is the second Argentine musician to make a significant impact upon modern jazz -- the first being
played as a teenager. His story has been that of an elongated zigzag odyssey between his homeland and North America. He started out playing to traditional Latin rhythms in his early years, turning his back on his heritage to explore the jazz avant-garde in the '60s, reverting to South American influences in the early '70s, playing pop and fusion in the late '70s, only to go back and forth again in the '80s. North American audiences first heard
-influenced tone. Yet by the mid-'70s, his approach and tone began to mellow somewhat in accordance with ballads like "What a Diff'rence a Day Makes" (which he always knew as the vintage bolero "Cuando Vuelva a Tu Lado") and
has always been one of the most overtly emotional tenor sax soloists on record, occasionally driving the voltage ever higher with impulsive vocal cheerleading.
's family included several musicians, he did not take up an instrument until the age of 12 when a hearing of Charlie Parker
's "Now's the Time" encouraged him to study the clarinet. Upon moving to Buenos Aires in 1947, he continued private music lessons, picked up the alto sax, and by 1953 had become a prominent national musician through exposure in the Schifrin
orchestra. Later in the '50s, Barbieri
started leading his own groups, switching to tenor sax. After moving to Rome in 1962 with his Italian-born wife, he met Don Cherry
in Paris the following year and, upon joining his group, became heavily absorbed in the jazz avant-garde. Barbieri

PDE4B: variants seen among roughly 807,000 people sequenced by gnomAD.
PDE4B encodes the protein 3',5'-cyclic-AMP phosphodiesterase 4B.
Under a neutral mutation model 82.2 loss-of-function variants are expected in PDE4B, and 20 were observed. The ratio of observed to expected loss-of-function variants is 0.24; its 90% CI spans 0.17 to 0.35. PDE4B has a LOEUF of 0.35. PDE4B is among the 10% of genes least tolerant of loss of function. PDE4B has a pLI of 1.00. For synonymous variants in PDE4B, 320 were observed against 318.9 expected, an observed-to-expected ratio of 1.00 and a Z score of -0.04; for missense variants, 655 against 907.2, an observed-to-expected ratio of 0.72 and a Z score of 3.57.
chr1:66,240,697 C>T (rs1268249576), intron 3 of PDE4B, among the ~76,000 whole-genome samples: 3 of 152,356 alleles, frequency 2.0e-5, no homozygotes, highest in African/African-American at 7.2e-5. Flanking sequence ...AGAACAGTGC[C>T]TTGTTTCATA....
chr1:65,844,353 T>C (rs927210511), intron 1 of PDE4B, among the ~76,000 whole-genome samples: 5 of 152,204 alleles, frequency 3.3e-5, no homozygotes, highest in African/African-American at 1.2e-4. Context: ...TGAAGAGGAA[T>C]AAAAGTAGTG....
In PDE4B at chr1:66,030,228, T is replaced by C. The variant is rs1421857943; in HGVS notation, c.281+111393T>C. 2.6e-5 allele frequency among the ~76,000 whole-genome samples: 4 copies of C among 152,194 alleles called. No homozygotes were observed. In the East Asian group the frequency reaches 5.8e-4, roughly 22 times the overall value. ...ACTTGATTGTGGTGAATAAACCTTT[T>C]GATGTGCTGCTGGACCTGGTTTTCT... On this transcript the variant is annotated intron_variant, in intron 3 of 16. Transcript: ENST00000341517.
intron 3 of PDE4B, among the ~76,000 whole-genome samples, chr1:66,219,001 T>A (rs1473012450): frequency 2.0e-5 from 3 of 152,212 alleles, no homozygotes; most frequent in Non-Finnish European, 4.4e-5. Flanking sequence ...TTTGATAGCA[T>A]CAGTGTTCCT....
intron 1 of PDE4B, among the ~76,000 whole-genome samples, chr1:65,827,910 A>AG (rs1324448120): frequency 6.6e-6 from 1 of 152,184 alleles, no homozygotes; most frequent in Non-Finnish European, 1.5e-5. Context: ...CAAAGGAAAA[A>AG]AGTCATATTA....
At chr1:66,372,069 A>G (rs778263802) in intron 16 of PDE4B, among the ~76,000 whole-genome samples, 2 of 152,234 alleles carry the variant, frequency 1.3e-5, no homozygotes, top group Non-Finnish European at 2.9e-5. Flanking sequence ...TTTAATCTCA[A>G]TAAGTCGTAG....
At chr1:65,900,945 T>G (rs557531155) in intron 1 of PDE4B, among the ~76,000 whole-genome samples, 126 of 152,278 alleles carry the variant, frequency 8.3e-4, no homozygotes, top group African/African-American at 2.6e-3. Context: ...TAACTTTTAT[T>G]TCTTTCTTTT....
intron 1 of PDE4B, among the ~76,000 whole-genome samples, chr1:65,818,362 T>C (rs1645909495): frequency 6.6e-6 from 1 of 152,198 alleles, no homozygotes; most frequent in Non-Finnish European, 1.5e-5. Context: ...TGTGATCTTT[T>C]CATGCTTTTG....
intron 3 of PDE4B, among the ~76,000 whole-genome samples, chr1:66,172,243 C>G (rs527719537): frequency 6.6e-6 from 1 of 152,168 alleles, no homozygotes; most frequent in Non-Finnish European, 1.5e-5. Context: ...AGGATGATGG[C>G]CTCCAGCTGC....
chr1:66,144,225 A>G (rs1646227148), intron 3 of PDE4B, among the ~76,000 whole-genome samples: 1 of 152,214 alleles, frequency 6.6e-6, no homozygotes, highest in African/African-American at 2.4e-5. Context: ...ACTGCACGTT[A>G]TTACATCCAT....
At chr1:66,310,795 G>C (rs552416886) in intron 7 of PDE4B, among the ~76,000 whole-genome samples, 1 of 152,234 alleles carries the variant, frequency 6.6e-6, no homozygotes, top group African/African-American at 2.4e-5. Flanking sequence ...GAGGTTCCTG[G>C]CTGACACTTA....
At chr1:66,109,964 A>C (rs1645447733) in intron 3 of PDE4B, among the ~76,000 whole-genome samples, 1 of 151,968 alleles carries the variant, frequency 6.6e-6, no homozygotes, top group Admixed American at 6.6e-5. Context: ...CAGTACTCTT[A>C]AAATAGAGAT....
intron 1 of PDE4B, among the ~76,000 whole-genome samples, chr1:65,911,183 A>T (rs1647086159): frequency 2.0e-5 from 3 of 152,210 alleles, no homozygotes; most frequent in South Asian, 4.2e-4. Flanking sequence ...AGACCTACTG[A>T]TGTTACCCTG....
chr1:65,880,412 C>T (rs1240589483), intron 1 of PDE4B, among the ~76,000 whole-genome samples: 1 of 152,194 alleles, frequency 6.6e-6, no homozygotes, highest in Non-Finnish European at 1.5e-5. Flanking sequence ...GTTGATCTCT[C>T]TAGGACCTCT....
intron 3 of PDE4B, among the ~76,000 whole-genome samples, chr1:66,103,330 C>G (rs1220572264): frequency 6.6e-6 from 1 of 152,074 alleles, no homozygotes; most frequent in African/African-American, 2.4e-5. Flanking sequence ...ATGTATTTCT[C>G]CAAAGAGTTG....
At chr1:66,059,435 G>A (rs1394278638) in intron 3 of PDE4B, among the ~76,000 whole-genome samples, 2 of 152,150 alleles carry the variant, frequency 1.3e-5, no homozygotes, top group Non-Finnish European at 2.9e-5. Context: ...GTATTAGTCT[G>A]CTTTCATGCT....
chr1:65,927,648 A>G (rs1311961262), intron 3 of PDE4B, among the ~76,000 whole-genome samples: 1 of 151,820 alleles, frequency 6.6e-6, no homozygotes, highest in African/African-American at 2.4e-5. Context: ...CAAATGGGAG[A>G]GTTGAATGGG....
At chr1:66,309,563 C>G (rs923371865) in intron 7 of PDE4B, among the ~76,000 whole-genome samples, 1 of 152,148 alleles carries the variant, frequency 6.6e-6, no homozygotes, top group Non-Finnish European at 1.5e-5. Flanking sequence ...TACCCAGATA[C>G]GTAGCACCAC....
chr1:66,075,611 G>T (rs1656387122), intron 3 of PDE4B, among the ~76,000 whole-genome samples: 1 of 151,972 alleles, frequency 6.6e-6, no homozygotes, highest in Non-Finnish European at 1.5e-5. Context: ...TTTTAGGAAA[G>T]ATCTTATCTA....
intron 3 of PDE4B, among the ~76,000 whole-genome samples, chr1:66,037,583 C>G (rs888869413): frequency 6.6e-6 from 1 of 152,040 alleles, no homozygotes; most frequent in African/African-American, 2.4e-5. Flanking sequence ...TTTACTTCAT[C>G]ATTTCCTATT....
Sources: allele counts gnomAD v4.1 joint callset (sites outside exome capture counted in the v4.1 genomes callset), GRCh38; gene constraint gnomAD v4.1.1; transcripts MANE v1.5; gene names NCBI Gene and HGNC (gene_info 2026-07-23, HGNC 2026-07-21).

also played with Mike Mantler
's Jazz Composers' Orchestra
in the late '60s; you can hear his fierce tone unleashed in the "Hotel Overture" of Carla Bley
's epic work "Escalator Over the Hill."
Yet after the turn of the next decade, Barbieri
experienced a slow change of heart and began to reincorporate and introduce South American melodies, instruments, harmonies, textures, and rhythm patterns into his music. Albums such as the live El Pampero
on Flying Dutchman and the four-part Chapter
series on Impulse -- the latter of which explored Brazilian and Afro-Cuban rhythms and textures, as well as Argentine -- brought Barbieri
plenty of acclaim in the jazz world and gained him a following on American college campuses.
However, it was a commercial accident, his sensuous theme and score for the controversial film Last Tango in Paris in 1972, that made Barbieri
an international star and a draw at festivals in Montreux, Newport, Bologna, and other locales. A contract with A&M in the U.S. led to a series of softer pop/jazz albums in the late '70s, including the brisk-selling Caliente!
He returned to a more intense, rock-influenced, South American-grounded sound in 1981 with the live Gato...Para los Amigos
under the aegis of producer Teo Macero
, before doubling back to pop/jazz on Apasionado
. Yet his profile in the U.S. was diminished later in the decade in the wake of the buttoned-down neo-bop movement.
Beset by triple-bypass surgery and bereavement over the death of his wife, Michelle, who was his closest musical confidant, Barbieri
was inactive through much of the 1990s. But he returned to action in 1997, playing with most of his impassioned intensity, if limited in ideas, at the Playboy Jazz Festival in Los Angeles and recording a somewhat bland album, Que Pasa
, for Columbia. Che Corazon
followed in 1999.
As the 21st Century opened, Barbieri
saw a steady stream of collections and reissues of his work appear. A new album, Shadow of the Cat, appeared from Peak Records in 2002.